3 584 A. Kavčič and D. B. Vodusˇ ek precise descriptions of infantile motor deficits of Jacques Mathieu Delpech, William John Little, William Osler, William Richard Gowers and many others, Freud would not be able to develop his insightful concept of CP. He finished his extensive work in this field with his monograph on infantile CP (Freud, 1968), and then became renowned for psychoanalysis. It overshadowed practically all his other works (Ferris, 1998), perhaps contributing to the lack of influence of his excellent work on CP. In retrospect, this contributed to the persistence of terminological confusion. Causal relationship between birth asphyxia and cerebral palsy In over 20 years of orthopaedic practice, Little came to the conclusion Ôthat the proportion of entire recoveries from the effects of asphyxia neonatorum is smaller than has hitherto been supposed.õ He based his opinion on approximately 200 well-documented personal cases of spasticity with birth complications in their history (Little, 1862). Because he did not use any statistical methods, but only a descriptive comparison with the general opinion of that time, we cannot know how frequent such motor deficit of children were in the mid-19th century. Freud considered the relationship between birth asphyxia and infantile motor deficit of brain origin critically because of the fact that the development of children with birth asphyxia could be completely normal (Freud, 1893). Little, who was an orthopaedic physician, did not see such cases in his practice, or at least not frequently. But Freud with his analytical approach could not fail to notice these cases. He allowed the possibility that spasticity could be a result solely of intrauterine factors or combined with birth complications (Freud, 1968). Freud s analysis of birth asphyxia as a cause of CP elicited no lively discussion among his contemporaries, although it was noticeably different to Little s views. As the usage of the term CP gradually increased, Little s conclusion on the causal relationship between asphyxia (and other complications) during birth and spasticity was even generalized to all clinical types of CP (Scott, 1976). Since the mid-20th century, when CP has also been studied epidemiologically, it has been shown again and again that relatively few cases can be explained on the basis of birth asphyxia (Scott, 1976; Paneth, 1986; Nelson and Leviton, 1991), although besides spastic diplegia, as spastic rigidity was termed at that time, CP also comprised other forms of non-progressive brain motor deficits (i.e. other spastic, ataxic and dyskinetic disorders) (Hagberg et al., 1975; Mutch et al., 1992). The question, as to whether CP is, to a large extent, the result of birth complications, seemed thus practically solved. Then, studies appeared that demonstrated that birth asphyxia could not be regarded as a rare cause of CP among term infants (Hagberg et al., 2001; Moster et al., 2001), leading to the renaissance of a hypothesis thought obsolete. Cerebral palsy in the 21st century The efforts of the American Academy for Cerebral Palsy and the Little Club notwithstanding, the discussion on terminology and classification of CP continued (Bax, 1964; Mutch et al., 1992). In epidemiological studies, the Swedish classification of CP (Hagberg, 1989) became by far the commonest classification used. This has not changed yet, although recently the usage of the European classification has been slowly increasing (Surveillance of Cerebral Palsy in Europe, 2000). This happened without there being evidence that the Swedish classification is the most appropriate, and without any particular efforts to establish a consensus. In defining CP, pragmatism has not yet prevailed. Several different definitions are still used, although the compatibility of epidemiological studies is strongly dependent on the uniformity of the methodology used. If several definitions of CP are read one after another, significant differences between them are perhaps not noticed (Table 1). If a study of CP is planned, however, the definition (no matter which has been chosen) has to be defined precisely, if a study is to be firmly based. It is not possible to avoid the ambivalence of the issue of brain maturation (at what age the brain ceases to be immature). In the definitions of CP, formulations such as: Ôin the period of early brain growthõ or Ôin the early stages of its (i.e. brain) developmentõ can still be found. It is also not possible to avoid the question as to whether aetiologically and/or pathologically well-determined motor deficit beginning early in life although not being hereditary, as for instance kernicterus because of Rh incompatibility, or schizencephaly, are justifiably termed CP. The upper age limit of the onset of motor deficit being recognized as CP is (exactly) defined in only a few definitions of CP (Wilson, 1916; Vining et al., 1976). None of these has been used widely, although chronological specification of the early stages of development (the immature brain) would make the definition of CP clearer. It does not seem a logical decision, but per se it was wise, for, instead of defining an authoritative agreement on what exactly CP is, it enabled the gradual evolution of the concept, which more easily lent itself to the inclusion of new discoveries about the human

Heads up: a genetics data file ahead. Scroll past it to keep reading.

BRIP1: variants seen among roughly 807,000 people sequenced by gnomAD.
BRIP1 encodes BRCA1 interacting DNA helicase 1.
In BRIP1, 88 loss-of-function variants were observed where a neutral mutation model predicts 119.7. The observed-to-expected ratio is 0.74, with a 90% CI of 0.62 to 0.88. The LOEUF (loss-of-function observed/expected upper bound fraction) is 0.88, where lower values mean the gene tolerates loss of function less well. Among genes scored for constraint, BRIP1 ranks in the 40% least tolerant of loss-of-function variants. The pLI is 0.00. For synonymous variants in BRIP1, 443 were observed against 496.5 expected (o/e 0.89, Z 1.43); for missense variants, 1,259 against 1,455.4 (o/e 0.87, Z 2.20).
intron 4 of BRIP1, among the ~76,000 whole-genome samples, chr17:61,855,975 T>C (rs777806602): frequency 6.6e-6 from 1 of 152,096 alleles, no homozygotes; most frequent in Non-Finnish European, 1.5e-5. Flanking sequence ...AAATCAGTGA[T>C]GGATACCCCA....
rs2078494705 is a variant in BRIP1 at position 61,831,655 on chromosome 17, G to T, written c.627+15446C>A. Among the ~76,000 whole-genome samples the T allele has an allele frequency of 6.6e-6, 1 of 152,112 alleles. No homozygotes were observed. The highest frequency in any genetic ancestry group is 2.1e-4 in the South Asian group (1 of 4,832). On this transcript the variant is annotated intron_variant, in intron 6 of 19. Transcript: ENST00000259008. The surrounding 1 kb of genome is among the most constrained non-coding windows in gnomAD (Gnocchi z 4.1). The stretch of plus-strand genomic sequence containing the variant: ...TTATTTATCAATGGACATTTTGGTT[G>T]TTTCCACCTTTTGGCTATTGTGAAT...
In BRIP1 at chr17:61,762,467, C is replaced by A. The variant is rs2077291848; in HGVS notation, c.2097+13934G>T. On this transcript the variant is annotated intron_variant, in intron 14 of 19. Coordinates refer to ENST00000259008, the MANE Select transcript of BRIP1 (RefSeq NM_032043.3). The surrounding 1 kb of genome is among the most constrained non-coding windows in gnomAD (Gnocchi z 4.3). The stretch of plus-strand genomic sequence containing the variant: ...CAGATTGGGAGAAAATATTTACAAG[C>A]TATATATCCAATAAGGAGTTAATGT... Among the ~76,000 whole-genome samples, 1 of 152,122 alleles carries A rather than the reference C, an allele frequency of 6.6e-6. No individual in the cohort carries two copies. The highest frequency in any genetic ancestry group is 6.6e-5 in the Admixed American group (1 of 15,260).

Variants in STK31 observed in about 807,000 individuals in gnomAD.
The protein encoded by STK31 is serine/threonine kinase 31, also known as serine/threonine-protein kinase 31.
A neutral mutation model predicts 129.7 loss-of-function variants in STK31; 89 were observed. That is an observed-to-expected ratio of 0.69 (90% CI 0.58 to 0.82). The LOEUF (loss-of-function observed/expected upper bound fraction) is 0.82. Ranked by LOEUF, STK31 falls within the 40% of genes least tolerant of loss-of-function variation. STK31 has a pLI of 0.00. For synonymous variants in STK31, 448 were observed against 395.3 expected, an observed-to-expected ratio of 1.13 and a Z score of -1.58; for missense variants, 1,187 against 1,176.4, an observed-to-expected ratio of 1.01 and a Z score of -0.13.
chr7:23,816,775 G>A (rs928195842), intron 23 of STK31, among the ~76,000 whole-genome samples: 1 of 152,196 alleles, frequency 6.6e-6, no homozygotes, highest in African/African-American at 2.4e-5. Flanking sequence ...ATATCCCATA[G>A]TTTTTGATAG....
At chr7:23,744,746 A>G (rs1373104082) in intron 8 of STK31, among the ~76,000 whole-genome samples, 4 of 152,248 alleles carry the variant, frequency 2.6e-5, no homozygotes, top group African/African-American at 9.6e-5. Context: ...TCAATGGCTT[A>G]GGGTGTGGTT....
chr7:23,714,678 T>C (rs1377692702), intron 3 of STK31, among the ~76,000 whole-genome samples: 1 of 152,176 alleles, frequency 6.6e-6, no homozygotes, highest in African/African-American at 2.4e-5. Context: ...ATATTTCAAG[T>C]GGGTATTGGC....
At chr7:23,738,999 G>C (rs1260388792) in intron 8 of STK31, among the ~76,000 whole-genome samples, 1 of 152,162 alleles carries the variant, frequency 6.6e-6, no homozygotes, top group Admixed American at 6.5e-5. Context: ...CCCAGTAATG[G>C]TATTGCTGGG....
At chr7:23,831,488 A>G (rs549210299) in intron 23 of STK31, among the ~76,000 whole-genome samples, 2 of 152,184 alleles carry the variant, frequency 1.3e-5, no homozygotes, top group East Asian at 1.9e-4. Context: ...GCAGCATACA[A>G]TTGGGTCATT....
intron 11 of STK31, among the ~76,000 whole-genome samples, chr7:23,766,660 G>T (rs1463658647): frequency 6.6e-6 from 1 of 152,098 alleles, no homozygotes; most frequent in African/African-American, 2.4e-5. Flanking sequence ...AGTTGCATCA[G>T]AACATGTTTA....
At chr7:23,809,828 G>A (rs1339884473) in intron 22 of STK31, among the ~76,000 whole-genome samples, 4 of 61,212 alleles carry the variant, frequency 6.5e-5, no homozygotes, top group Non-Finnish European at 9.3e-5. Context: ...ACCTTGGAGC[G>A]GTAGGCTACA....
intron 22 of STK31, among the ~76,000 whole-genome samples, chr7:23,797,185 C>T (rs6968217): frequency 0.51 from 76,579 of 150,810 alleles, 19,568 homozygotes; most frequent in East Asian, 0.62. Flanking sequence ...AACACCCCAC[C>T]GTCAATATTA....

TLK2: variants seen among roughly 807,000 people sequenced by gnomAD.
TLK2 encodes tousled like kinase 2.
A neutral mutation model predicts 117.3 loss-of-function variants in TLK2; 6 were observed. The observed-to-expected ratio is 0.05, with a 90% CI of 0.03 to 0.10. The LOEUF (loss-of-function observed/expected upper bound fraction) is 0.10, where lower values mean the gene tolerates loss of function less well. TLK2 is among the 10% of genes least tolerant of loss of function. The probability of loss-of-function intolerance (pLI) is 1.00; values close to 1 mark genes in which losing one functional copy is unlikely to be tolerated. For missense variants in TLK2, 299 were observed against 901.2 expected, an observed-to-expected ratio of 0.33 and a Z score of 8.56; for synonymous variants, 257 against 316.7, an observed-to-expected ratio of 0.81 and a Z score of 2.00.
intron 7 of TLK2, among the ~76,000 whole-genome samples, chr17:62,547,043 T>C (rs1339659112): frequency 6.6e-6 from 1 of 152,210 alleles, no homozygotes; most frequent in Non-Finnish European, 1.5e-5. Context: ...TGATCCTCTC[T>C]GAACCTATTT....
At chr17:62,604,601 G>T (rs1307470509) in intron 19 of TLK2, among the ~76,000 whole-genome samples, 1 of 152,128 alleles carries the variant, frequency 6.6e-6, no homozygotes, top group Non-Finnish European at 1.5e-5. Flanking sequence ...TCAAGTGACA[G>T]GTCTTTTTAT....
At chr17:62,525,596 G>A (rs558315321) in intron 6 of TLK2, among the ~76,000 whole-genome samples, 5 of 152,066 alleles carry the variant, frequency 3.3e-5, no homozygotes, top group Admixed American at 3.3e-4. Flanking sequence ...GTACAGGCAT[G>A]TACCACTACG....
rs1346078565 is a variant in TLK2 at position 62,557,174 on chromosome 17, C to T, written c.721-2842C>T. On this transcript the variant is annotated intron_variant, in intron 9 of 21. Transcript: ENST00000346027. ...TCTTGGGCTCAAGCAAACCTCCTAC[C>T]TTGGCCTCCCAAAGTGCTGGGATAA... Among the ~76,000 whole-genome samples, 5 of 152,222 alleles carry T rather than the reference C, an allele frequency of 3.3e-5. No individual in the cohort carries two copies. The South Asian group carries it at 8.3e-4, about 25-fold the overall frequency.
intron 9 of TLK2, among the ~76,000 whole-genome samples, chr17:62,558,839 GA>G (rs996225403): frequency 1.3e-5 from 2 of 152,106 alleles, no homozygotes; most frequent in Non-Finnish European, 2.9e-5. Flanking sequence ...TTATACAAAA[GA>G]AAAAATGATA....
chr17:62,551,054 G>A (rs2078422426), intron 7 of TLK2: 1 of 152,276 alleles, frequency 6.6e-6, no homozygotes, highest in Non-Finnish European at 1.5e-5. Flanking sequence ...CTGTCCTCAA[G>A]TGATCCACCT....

4 A historical perspective on cerebral palsy 585 Table 1 Some characteristic/frequently used definitions of CP ÔInfantile cerebral palsy would thus be defined as the general concept of all cerebral diseases in infancy caused by a direct effect of accidental etiology, occurring either in the fetal period or after birth, and affecting one or more neuron systems.õ (Freud, 1968) Infantile cerebral palsy Ôis a paralysis of cerebral origin occurring in the first six years of life. It is always a hemiplegia, and the cases which affect both sides of the body will be found to be no exception to this rule, but are simultaneous lesions upon the hemispheres.õ (Wilson, 1916) ÔCerebral palsy may be defined as a condition characterized by paralysis, paresis, incoordination, dyskinesia, or any aberration of motor function that is due to involvement of the motor control centres of the brain.õ (Perlstein, 1952) ÔCerebral palsy is a descriptive term applied to a group of motor disorders of young children, in whom full function of one or more limbs is prevented by paresis, involuntary movement, or incoordination.õ (Balf and Ingram, 1955) ÔCerebral palsy is a persistent but not unchanging disorder of movement and posture, appearing in the early years of life and due to a nonprogressive disorder of the brain, the result of interference during its development.õ (The Little Club, 1958 (Bax, 1964)) ÔThe term cerebral palsy does not designate a disease in any usual medical sense. It is, however, a useful administrative term which covers individuals who are handicapped by motor disorders which are due to nonprogressive abnormalities of the brain.õ (Crothers and Paine, 1988) The term cerebral palsy Ômay be defined as one component of a group of childhood neurologic disorders which reflect cerebral dysfunction rather than damage per se and which may result from cerebral maldevelopment, infection, injury, or anoxia before or during birth or in the early years of life.õ (Denhoff and Robinault, 1960) Cerebral palsy is Ôa disorder of movement and posture due to a defect or lesion of the immature brain.õ (Bax, 1964) ÔCerebral palsy is a group of disorders characterised by reduced ability to make voluntary use of the muscles, caused by a non-progressive and nonhereditary brain disorder arising before or at delivery or during the first years of life.õ (Christensen and Melchior, 1967) ÔCerebral palsy is the result of a lesion or maldevelopment of the brain, non-progressive in character and existing from earliest childhood. The motor deficit finds expression in abnormal patterns of posture and movement, in association with an abnormal postural tone.õ (Bobath, 1969) ÔCerebral palsy is defined as a nonprogressive disorder of motion and posture due to brain insult or injury occurring in the period of early brain growth (generally under 3 years of age).õ (The Kennedy Institute (Vining et al., 1976)) ÔCerebral palsy is a descriptive term for a collection of nonprogressive neuromotor disorders of central origin that become manifest early in life and are not the result of a recognized cerebral malformation.õ (Paneth, 1986) Cerebral palsy is Ôan umbrella term covering a group of non-progressive, but often changing, motor impairment syndromes secondary to lesions or anomalies of the brain arising in the early stages of its development.õ (Mutch et al., 1992) nervous system function than a rigid definition without a firm biological base could. Because of complex and dynamic processes, taking place simultaneously and successively, depending on heredity and environment, the ontogenetic development of the human brain can be chronologically divided in several different ways, each defendable (Connolly and Forssberg, 1997; Kandel et al., 2000). Knowledge of the human nervous system is continuously growing; therefore it would be unlikely to expect that the concept of CP will not continue to evolve. Nadia Badawi et al. from Australia suggested that the concept of CP as a separate entity was becoming outdated because of the better understanding of the pathology underlying infantile motor impairment syndromes. But on the other hand they stated that the term CP was well recognized and still useful for service provision and management and hence it should not be abandoned. To improve interobserver agreement about the application of the term CP in epidemiological studies, they provided an extensive list of various developmental syndromes or infantile diseases with motor impairment and put forward which of these syndromes (diseases) to cover by the term CP and which not (Badawi et al., 1998). They took traditional use into account and so they in fact widened the CP category into other nosographic spectra for several cases had been included in CP registers only because knowledge had been insufficient to recognize them as separate entities. The foregoing proposal of Australian experts published in 1998 has not elicited an intensive debate yet. Given that it did not bring into question the concept of CP but its internal structure, it seems that CP will remain a part of our nosographic system, at least in the near future. How to redefine cerebral palsy? To delineate CP firmly and clearly, a consensus is required. The history of the term CP (certainly not short) shows that there has not been a complete or long-lasting consensus about details of CP as yet. We believe that it will always be difficult to achieve, for (unchangeable) biological dimensions of CP are less significant than (changeable) nosographic, therapeutic or social ditto.